As it happened, the 1967 Red Sox had an unexpectedly great season, capturing a surprising pennant on the final day of the season. Roggenburk, however, spent the entire season with the Red Sox’ Triple-A affiliate in Toronto. In 21 games (17 starts), he finished 5-10 but with a 2.60 ERA in 121 innings. “They didn’t score too many runs off me,” he said. “It was the worst hitting team I’ve ever been on.”7 Though the Red Sox called up several pitchers during the season, Roggenburk stayed in the minors despite his strong pitching.
After an excellent spring, Roggenburk made the Red Sox to start the 1968 season. “He is faster than you think,” said an impressed manager Dick Williams. “He’s much faster this year than last spring.”8 After pitching in just four games (two runs in 8⅓ innings), once again Roggenburk underwent surgery on his left elbow. “It’s hard when you’re not playing,” said the frustrated pitcher. “You have to contribute something to feel like you’re part of the team.”9
In mid-July Roggenburk began working out with the team again. “I’ll run, throw, maybe pitch some batting practice,” he said. “And I’ll have some treatments on my arm. I’m really happy.”10 Nonetheless, when he was well enough to pitch he was sent to Louisville, where he finished the season with just four relief appearances.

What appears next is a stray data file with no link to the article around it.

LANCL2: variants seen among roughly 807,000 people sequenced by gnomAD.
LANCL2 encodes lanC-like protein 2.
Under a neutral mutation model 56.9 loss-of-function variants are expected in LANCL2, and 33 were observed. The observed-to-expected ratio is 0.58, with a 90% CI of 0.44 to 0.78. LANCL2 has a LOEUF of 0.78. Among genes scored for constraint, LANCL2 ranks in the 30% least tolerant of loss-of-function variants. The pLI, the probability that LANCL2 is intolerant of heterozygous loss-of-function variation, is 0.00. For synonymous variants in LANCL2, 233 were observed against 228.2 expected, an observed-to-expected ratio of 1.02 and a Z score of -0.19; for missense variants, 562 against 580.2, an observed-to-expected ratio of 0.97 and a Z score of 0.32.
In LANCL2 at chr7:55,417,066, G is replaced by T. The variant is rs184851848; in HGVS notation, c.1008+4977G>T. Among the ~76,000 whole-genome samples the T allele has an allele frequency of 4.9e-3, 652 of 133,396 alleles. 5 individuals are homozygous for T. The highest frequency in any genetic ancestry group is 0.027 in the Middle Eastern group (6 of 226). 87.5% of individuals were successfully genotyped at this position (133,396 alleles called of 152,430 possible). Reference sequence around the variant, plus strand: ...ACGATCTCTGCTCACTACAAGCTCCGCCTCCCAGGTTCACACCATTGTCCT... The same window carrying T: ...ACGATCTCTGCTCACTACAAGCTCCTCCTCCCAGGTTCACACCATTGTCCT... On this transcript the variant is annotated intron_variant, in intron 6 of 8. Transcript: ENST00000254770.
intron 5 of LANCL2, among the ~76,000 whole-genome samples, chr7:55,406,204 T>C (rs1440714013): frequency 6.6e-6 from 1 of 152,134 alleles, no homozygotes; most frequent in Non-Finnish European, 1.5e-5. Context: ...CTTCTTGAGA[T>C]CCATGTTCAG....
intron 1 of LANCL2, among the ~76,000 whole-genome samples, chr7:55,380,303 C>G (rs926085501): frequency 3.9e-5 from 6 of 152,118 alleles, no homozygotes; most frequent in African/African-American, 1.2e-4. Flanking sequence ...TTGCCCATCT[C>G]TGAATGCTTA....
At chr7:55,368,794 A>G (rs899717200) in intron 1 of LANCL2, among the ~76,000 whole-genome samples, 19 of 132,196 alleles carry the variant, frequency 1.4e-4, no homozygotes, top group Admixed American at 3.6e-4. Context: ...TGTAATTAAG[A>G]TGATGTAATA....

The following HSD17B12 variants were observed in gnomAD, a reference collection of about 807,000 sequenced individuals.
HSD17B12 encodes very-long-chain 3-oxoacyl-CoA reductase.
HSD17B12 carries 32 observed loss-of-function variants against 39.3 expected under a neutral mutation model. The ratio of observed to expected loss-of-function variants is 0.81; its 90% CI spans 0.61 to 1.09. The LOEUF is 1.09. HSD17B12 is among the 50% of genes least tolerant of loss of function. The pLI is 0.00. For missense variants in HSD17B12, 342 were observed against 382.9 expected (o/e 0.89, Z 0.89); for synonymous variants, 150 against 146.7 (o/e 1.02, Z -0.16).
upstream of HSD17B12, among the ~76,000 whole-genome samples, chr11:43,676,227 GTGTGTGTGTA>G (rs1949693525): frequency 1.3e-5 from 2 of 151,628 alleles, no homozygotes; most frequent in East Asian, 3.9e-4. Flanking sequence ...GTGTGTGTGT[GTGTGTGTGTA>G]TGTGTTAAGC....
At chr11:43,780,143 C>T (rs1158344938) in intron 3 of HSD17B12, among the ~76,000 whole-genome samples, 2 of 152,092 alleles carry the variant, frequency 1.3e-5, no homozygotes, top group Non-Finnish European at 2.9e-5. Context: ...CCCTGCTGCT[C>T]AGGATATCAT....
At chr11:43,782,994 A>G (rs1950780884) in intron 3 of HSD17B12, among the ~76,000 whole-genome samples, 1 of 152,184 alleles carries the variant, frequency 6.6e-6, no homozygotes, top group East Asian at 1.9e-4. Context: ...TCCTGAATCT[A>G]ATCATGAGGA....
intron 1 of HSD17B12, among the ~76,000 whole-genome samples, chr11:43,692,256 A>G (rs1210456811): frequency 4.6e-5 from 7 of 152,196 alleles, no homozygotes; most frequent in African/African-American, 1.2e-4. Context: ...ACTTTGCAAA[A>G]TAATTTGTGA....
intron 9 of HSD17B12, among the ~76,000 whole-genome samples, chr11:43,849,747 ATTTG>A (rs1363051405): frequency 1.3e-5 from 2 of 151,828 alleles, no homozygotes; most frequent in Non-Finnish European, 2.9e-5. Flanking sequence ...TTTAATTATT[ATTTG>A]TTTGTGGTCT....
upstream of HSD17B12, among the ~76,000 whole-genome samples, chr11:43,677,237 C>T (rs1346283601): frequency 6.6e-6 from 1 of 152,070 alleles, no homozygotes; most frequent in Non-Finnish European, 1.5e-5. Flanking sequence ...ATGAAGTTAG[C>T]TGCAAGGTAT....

Roggenburk married Karen Dorenkott on October 6, 1962, and the couple raised a daughter and two sons. “Sure it’s tough moving around,” he said in 1968, “especially when you have kids in school. But it’s hard for me to visualize staying in one place. I’ve never really settled down. I know during the winter it gets to me. Around February you’re ready to go down to spring training and get out of the snow. My wife looks forward to it, too. I know when I get out of baseball I’ll miss that.”11